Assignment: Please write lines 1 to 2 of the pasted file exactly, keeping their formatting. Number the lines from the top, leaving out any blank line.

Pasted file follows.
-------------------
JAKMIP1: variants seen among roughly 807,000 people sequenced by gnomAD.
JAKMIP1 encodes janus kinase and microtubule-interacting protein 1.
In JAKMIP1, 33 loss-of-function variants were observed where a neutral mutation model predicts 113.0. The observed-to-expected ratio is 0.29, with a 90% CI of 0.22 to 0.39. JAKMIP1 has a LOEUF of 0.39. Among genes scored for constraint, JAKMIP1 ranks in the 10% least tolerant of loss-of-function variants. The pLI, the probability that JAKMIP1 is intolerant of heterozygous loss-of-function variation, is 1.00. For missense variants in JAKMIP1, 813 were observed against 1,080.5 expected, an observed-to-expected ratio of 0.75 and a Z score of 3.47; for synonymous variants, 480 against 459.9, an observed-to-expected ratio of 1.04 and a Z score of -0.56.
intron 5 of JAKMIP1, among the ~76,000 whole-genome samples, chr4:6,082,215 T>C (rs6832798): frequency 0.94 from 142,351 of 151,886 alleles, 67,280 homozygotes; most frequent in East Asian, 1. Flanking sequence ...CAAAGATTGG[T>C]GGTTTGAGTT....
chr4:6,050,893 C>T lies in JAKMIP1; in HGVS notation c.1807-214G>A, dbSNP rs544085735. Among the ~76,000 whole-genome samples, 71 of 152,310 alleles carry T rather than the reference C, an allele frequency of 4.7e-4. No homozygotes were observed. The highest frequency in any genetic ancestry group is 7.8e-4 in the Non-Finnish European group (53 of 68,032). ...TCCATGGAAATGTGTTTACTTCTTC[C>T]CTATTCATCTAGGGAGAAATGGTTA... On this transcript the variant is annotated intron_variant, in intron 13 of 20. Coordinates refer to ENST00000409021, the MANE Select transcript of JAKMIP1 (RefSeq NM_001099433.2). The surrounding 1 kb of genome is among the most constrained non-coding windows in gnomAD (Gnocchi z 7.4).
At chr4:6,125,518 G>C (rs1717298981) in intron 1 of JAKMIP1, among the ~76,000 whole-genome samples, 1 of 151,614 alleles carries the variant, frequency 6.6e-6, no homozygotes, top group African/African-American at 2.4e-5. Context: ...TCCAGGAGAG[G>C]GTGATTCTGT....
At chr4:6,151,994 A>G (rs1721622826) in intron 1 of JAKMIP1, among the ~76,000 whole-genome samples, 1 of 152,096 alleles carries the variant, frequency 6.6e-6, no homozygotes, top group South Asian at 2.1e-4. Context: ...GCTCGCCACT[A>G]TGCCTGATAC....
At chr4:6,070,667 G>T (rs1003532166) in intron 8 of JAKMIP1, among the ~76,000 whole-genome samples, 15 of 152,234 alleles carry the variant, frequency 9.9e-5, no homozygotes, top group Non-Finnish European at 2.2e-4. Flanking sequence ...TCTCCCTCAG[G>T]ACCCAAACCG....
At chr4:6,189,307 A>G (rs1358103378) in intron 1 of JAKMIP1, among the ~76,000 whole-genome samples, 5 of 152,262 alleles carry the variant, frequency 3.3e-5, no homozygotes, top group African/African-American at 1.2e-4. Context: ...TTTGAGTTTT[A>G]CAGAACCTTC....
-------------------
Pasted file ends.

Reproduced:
JAKMIP1: variants seen among roughly 807,000 people sequenced by gnomAD.
JAKMIP1 encodes janus kinase and microtubule-interacting protein 1.